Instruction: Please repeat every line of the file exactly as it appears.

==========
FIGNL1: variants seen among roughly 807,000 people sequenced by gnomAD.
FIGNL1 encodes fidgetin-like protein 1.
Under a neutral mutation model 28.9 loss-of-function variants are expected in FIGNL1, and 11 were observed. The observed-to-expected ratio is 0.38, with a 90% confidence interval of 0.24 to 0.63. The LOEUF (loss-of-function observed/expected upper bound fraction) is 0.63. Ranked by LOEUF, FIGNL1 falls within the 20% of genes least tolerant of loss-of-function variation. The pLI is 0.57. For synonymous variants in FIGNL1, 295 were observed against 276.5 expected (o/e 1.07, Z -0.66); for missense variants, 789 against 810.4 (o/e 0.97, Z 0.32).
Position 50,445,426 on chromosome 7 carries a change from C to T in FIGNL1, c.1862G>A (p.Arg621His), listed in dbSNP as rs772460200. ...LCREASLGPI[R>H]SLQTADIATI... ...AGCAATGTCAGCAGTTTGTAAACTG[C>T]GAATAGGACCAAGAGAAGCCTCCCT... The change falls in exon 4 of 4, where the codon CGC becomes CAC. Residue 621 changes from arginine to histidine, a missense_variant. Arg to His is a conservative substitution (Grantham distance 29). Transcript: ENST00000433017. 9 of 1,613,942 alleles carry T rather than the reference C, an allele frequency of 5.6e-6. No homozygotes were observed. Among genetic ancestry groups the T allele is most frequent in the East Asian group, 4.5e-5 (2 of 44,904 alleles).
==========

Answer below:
FIGNL1: variants seen among roughly 807,000 people sequenced by gnomAD.
FIGNL1 encodes fidgetin-like protein 1.
Under a neutral mutation model 28.9 loss-of-function variants are expected in FIGNL1, and 11 were observed. The observed-to-expected ratio is 0.38, with a 90% confidence interval of 0.24 to 0.63. The LOEUF (loss-of-function observed/expected upper bound fraction) is 0.63. Ranked by LOEUF, FIGNL1 falls within the 20% of genes least tolerant of loss-of-function variation. The pLI is 0.57. For synonymous variants in FIGNL1, 295 were observed against 276.5 expected (o/e 1.07, Z -0.66); for missense variants, 789 against 810.4 (o/e 0.97, Z 0.32).
Position 50,445,426 on chromosome 7 carries a change from C to T in FIGNL1, c.1862G>A (p.Arg621His), listed in dbSNP as rs772460200. ...LCREASLGPI[R>H]SLQTADIATI... ...AGCAATGTCAGCAGTTTGTAAACTG[C>T]GAATAGGACCAAGAGAAGCCTCCCT... The change falls in exon 4 of 4, where the codon CGC becomes CAC. Residue 621 changes from arginine to histidine, a missense_variant. Arg to His is a conservative substitution (Grantham distance 29). Transcript: ENST00000433017. 9 of 1,613,942 alleles carry T rather than the reference C, an allele frequency of 5.6e-6. No homozygotes were observed. Among genetic ancestry groups the T allele is most frequent in the East Asian group, 4.5e-5 (2 of 44,904 alleles).